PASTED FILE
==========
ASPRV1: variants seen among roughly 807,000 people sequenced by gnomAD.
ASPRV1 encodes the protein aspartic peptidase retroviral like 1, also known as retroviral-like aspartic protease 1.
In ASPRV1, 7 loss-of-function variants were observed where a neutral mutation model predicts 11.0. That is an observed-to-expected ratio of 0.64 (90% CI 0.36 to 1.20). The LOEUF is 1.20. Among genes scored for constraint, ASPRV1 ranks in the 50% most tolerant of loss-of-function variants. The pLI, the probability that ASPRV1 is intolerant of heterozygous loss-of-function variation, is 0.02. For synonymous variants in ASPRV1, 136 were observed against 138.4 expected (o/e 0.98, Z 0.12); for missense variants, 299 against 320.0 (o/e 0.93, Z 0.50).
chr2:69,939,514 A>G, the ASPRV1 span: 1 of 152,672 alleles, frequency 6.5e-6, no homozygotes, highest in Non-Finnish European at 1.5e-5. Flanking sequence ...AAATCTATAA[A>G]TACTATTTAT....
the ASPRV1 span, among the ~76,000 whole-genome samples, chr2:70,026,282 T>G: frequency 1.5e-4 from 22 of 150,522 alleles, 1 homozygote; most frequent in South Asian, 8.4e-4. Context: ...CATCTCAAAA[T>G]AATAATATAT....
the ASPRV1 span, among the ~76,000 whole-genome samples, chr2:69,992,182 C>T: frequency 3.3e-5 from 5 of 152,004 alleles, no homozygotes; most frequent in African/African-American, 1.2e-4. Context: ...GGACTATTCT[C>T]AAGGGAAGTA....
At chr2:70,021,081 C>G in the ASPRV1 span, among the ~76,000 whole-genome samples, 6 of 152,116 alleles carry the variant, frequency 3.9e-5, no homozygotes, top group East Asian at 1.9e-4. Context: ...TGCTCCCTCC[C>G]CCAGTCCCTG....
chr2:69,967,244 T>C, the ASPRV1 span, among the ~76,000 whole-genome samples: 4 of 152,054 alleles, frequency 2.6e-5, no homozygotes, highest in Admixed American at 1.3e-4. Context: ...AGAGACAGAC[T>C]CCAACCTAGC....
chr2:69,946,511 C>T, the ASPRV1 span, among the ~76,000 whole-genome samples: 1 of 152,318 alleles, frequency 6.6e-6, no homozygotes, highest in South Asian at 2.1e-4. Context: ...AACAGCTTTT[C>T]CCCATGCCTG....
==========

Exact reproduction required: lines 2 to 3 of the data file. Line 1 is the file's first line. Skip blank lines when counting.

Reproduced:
ASPRV1 encodes the protein aspartic peptidase retroviral like 1, also known as retroviral-like aspartic protease 1.
In ASPRV1, 7 loss-of-function variants were observed where a neutral mutation model predicts 11.0. That is an observed-to-expected ratio of 0.64 (90% CI 0.36 to 1.20). The LOEUF is 1.20. Among genes scored for constraint, ASPRV1 ranks in the 50% most tolerant of loss-of-function variants. The pLI, the probability that ASPRV1 is intolerant of heterozygous loss-of-function variation, is 0.02. For synonymous variants in ASPRV1, 136 were observed against 138.4 expected (o/e 0.98, Z 0.12); for missense variants, 299 against 320.0 (o/e 0.93, Z 0.50).